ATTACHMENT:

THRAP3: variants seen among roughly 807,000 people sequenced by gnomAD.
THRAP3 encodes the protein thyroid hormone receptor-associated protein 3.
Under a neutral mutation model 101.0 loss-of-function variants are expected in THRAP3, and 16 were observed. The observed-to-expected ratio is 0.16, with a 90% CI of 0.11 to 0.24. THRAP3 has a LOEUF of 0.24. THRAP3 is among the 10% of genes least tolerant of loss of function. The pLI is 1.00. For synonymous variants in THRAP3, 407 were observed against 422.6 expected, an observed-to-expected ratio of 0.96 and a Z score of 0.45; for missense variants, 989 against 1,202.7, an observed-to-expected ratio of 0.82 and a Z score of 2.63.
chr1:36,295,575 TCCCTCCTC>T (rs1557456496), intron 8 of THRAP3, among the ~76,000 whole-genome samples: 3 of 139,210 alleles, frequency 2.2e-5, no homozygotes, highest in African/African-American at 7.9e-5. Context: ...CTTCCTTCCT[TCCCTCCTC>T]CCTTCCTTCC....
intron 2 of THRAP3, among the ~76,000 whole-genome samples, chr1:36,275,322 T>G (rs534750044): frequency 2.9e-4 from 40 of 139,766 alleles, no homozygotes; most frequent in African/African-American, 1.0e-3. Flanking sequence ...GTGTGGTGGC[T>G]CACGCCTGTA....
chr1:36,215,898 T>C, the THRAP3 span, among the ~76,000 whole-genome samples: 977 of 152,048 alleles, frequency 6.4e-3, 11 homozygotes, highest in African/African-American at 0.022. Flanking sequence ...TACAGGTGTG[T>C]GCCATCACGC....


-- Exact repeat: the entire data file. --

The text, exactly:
THRAP3: variants seen among roughly 807,000 people sequenced by gnomAD.
THRAP3 encodes the protein thyroid hormone receptor-associated protein 3.
Under a neutral mutation model 101.0 loss-of-function variants are expected in THRAP3, and 16 were observed. The observed-to-expected ratio is 0.16, with a 90% CI of 0.11 to 0.24. THRAP3 has a LOEUF of 0.24. THRAP3 is among the 10% of genes least tolerant of loss of function. The pLI is 1.00. For synonymous variants in THRAP3, 407 were observed against 422.6 expected, an observed-to-expected ratio of 0.96 and a Z score of 0.45; for missense variants, 989 against 1,202.7, an observed-to-expected ratio of 0.82 and a Z score of 2.63.
chr1:36,295,575 TCCCTCCTC>T (rs1557456496), intron 8 of THRAP3, among the ~76,000 whole-genome samples: 3 of 139,210 alleles, frequency 2.2e-5, no homozygotes, highest in African/African-American at 7.9e-5. Context: ...CTTCCTTCCT[TCCCTCCTC>T]CCTTCCTTCC....
intron 2 of THRAP3, among the ~76,000 whole-genome samples, chr1:36,275,322 T>G (rs534750044): frequency 2.9e-4 from 40 of 139,766 alleles, no homozygotes; most frequent in African/African-American, 1.0e-3. Flanking sequence ...GTGTGGTGGC[T>G]CACGCCTGTA....
chr1:36,215,898 T>C, the THRAP3 span, among the ~76,000 whole-genome samples: 977 of 152,048 alleles, frequency 6.4e-3, 11 homozygotes, highest in African/African-American at 0.022. Flanking sequence ...TACAGGTGTG[T>C]GCCATCACGC....